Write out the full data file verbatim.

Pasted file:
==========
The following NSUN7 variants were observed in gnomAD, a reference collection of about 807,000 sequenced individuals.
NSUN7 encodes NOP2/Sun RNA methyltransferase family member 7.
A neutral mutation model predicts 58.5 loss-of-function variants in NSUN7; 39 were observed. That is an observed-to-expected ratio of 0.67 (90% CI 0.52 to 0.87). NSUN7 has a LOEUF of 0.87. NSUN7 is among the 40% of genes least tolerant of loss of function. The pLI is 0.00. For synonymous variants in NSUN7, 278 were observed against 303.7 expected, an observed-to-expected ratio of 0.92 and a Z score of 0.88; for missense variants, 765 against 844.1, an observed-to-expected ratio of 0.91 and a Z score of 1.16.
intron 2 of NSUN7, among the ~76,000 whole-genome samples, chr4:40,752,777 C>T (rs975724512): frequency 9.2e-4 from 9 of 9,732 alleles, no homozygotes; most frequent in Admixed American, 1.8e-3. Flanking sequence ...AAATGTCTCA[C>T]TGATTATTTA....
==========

The following NSUN7 variants were observed in gnomAD, a reference collection of about 807,000 sequenced individuals.
NSUN7 encodes NOP2/Sun RNA methyltransferase family member 7.
A neutral mutation model predicts 58.5 loss-of-function variants in NSUN7; 39 were observed. That is an observed-to-expected ratio of 0.67 (90% CI 0.52 to 0.87). NSUN7 has a LOEUF of 0.87. NSUN7 is among the 40% of genes least tolerant of loss of function. The pLI is 0.00. For synonymous variants in NSUN7, 278 were observed against 303.7 expected, an observed-to-expected ratio of 0.92 and a Z score of 0.88; for missense variants, 765 against 844.1, an observed-to-expected ratio of 0.91 and a Z score of 1.16.
intron 2 of NSUN7, among the ~76,000 whole-genome samples, chr4:40,752,777 C>T (rs975724512): frequency 9.2e-4 from 9 of 9,732 alleles, no homozygotes; most frequent in Admixed American, 1.8e-3. Flanking sequence ...AAATGTCTCA[C>T]TGATTATTTA....